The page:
George and the Dragon, written and illustrated by Chris Wormell, is a book that took me by surprise. When I started into this book my thoughts were along the lines of "Wow! This is a really great, simple book for young children who like dragons." It seems like just what a dragon-loving child would like, as it hits on all the major points of dragon life, with accompanying illustrations. But then there's more. This book takes a clever turn, and the dragon is faced with his own fear, an amusing one.

Have you seen a dragon brush away an army? Have you seen a dragon steal a princess, smash a castle wall, and burn down a forest with his fiery breath? Have you ever seen a scared dragon? The illustrations in this book clearly show you. Written with short and simple but expertly crafted sentences, this book is a must-have for dragon lovers! My six year old recently told me that he didn't want to pick books with me, he doesn't like books that are about dogs and cats. (And that's apparently all I choose.) He likes heroes. This story meets both of our good-book standards, is without dogs and cats, and has a very small and unlikely hero to boot.

Tuesday, September 2, 2008

Mercy Watson to the Rescue

Would you giggle a little if your kids routinely said, "I want my toast with a great deal of butter on it?" Well, I do. I don't say that phrase, and don't know anyone else who often does, besides Kate DeCamillo in this series of early chapter books.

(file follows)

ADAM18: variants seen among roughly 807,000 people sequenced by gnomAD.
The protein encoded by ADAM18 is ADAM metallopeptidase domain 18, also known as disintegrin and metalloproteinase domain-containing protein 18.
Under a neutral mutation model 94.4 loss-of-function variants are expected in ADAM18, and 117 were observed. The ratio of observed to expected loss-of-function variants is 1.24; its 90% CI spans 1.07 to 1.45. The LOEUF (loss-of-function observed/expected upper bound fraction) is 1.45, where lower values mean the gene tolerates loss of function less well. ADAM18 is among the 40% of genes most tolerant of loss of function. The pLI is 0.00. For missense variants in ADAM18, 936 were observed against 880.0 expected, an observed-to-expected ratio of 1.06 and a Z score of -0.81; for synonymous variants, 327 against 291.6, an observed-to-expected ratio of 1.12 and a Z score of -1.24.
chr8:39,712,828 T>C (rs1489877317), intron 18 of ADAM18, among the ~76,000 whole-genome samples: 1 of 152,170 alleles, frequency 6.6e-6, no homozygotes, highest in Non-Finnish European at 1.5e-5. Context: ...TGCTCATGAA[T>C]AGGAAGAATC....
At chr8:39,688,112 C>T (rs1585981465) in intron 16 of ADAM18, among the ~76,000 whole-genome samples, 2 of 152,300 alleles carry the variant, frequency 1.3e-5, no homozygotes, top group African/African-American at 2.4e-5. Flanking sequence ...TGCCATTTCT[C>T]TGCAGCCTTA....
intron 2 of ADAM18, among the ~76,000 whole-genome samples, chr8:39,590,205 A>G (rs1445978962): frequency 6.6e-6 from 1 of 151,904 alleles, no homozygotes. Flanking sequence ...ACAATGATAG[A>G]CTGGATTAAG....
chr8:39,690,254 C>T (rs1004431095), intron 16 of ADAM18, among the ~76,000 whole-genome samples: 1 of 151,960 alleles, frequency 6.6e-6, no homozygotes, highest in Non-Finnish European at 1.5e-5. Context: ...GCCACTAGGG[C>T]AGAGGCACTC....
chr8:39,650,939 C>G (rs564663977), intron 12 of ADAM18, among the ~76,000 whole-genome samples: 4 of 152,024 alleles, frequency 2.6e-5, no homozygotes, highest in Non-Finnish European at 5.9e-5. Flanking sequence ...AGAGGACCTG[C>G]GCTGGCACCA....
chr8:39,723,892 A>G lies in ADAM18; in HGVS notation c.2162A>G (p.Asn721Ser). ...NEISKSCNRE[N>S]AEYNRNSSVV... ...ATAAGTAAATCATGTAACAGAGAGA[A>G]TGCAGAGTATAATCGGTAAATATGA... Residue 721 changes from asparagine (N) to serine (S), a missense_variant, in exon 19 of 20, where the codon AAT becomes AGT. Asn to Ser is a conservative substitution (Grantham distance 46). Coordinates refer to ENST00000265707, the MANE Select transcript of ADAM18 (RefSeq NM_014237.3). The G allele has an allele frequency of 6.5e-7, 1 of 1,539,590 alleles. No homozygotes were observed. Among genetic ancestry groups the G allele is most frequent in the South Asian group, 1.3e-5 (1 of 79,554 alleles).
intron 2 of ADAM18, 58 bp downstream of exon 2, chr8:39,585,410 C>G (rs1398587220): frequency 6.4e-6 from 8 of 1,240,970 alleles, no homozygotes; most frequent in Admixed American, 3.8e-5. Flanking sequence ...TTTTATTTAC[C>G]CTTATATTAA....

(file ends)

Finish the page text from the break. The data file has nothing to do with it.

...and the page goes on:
Mercy is funny pig whose favorite thing to eat is--what else-- but toast, with a great deal of butter on it. She is dearly loved by her human family, the Watson's, and strongly disliked by her neighbor. She is spoiled and manages to get into lots of trouble, but still, she is a lovable pig. Every page in these books has an illustration as well as fairly large words. The stories are pretty simple, but fortunately the vocabulary isn't. These books make everyone in my family laugh together. Chris Van Dusen, who also created If I Built a Car, does the fantastic and funny illustrations for these books. They are right on the mark for the story, and are humorous themselves. The books are great early chapter book read-alouds. Although my family hasn't tested them yet for independent reading, I suspect they would be good first chapter books as well.

When my kids start talking about toast with a great deal of butter, I secretly applaud inside. I know reading aloud is doing just what I hope it will. Besides inviting my kids to find the joy in reading, and sharing knowledge about the world that we may not otherwise get around to learning about, I know they are learning a lot about vocabulary and language. That makes me happy. And Mercy Watson makes me laugh.